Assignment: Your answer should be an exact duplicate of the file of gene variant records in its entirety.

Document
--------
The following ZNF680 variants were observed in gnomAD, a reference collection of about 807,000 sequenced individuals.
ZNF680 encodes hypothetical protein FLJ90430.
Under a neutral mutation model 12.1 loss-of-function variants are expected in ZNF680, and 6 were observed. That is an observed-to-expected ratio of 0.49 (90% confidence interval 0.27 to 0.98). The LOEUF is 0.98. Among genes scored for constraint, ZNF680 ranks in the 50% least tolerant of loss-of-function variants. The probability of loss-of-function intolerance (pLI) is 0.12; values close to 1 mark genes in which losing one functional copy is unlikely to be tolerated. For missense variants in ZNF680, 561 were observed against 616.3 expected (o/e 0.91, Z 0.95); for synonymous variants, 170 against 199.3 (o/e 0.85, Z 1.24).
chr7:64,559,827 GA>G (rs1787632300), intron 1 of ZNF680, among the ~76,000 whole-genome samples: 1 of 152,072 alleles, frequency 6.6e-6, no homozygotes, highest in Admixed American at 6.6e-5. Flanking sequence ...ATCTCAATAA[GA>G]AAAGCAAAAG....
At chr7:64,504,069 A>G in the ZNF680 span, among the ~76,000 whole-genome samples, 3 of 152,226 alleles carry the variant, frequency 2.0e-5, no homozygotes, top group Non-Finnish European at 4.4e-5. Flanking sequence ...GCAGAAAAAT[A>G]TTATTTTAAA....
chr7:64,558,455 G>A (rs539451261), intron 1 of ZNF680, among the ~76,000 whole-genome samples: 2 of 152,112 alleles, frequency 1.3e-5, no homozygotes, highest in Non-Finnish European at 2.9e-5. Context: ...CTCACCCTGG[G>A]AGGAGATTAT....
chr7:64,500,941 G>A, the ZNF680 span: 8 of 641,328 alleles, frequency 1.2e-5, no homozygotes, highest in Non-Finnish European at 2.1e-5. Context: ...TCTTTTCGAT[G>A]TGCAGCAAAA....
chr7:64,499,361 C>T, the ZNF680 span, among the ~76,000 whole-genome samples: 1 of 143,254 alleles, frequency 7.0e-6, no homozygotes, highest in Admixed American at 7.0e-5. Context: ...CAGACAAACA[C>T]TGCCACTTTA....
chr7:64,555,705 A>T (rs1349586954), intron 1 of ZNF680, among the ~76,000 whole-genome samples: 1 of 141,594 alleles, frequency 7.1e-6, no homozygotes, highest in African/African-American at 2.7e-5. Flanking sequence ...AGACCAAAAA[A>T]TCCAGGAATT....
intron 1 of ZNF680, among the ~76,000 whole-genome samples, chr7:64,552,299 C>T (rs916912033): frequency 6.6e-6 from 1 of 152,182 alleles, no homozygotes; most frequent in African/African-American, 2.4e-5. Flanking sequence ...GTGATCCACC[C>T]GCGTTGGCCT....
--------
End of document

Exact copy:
The following ZNF680 variants were observed in gnomAD, a reference collection of about 807,000 sequenced individuals.
ZNF680 encodes hypothetical protein FLJ90430.
Under a neutral mutation model 12.1 loss-of-function variants are expected in ZNF680, and 6 were observed. That is an observed-to-expected ratio of 0.49 (90% confidence interval 0.27 to 0.98). The LOEUF is 0.98. Among genes scored for constraint, ZNF680 ranks in the 50% least tolerant of loss-of-function variants. The probability of loss-of-function intolerance (pLI) is 0.12; values close to 1 mark genes in which losing one functional copy is unlikely to be tolerated. For missense variants in ZNF680, 561 were observed against 616.3 expected (o/e 0.91, Z 0.95); for synonymous variants, 170 against 199.3 (o/e 0.85, Z 1.24).
chr7:64,559,827 GA>G (rs1787632300), intron 1 of ZNF680, among the ~76,000 whole-genome samples: 1 of 152,072 alleles, frequency 6.6e-6, no homozygotes, highest in Admixed American at 6.6e-5. Flanking sequence ...ATCTCAATAA[GA>G]AAAGCAAAAG....
At chr7:64,504,069 A>G in the ZNF680 span, among the ~76,000 whole-genome samples, 3 of 152,226 alleles carry the variant, frequency 2.0e-5, no homozygotes, top group Non-Finnish European at 4.4e-5. Flanking sequence ...GCAGAAAAAT[A>G]TTATTTTAAA....
chr7:64,558,455 G>A (rs539451261), intron 1 of ZNF680, among the ~76,000 whole-genome samples: 2 of 152,112 alleles, frequency 1.3e-5, no homozygotes, highest in Non-Finnish European at 2.9e-5. Context: ...CTCACCCTGG[G>A]AGGAGATTAT....
chr7:64,500,941 G>A, the ZNF680 span: 8 of 641,328 alleles, frequency 1.2e-5, no homozygotes, highest in Non-Finnish European at 2.1e-5. Context: ...TCTTTTCGAT[G>A]TGCAGCAAAA....
chr7:64,499,361 C>T, the ZNF680 span, among the ~76,000 whole-genome samples: 1 of 143,254 alleles, frequency 7.0e-6, no homozygotes, highest in Admixed American at 7.0e-5. Context: ...CAGACAAACA[C>T]TGCCACTTTA....
chr7:64,555,705 A>T (rs1349586954), intron 1 of ZNF680, among the ~76,000 whole-genome samples: 1 of 141,594 alleles, frequency 7.1e-6, no homozygotes, highest in African/African-American at 2.7e-5. Flanking sequence ...AGACCAAAAA[A>T]TCCAGGAATT....
intron 1 of ZNF680, among the ~76,000 whole-genome samples, chr7:64,552,299 C>T (rs916912033): frequency 6.6e-6 from 1 of 152,182 alleles, no homozygotes; most frequent in African/African-American, 2.4e-5. Flanking sequence ...GTGATCCACC[C>T]GCGTTGGCCT....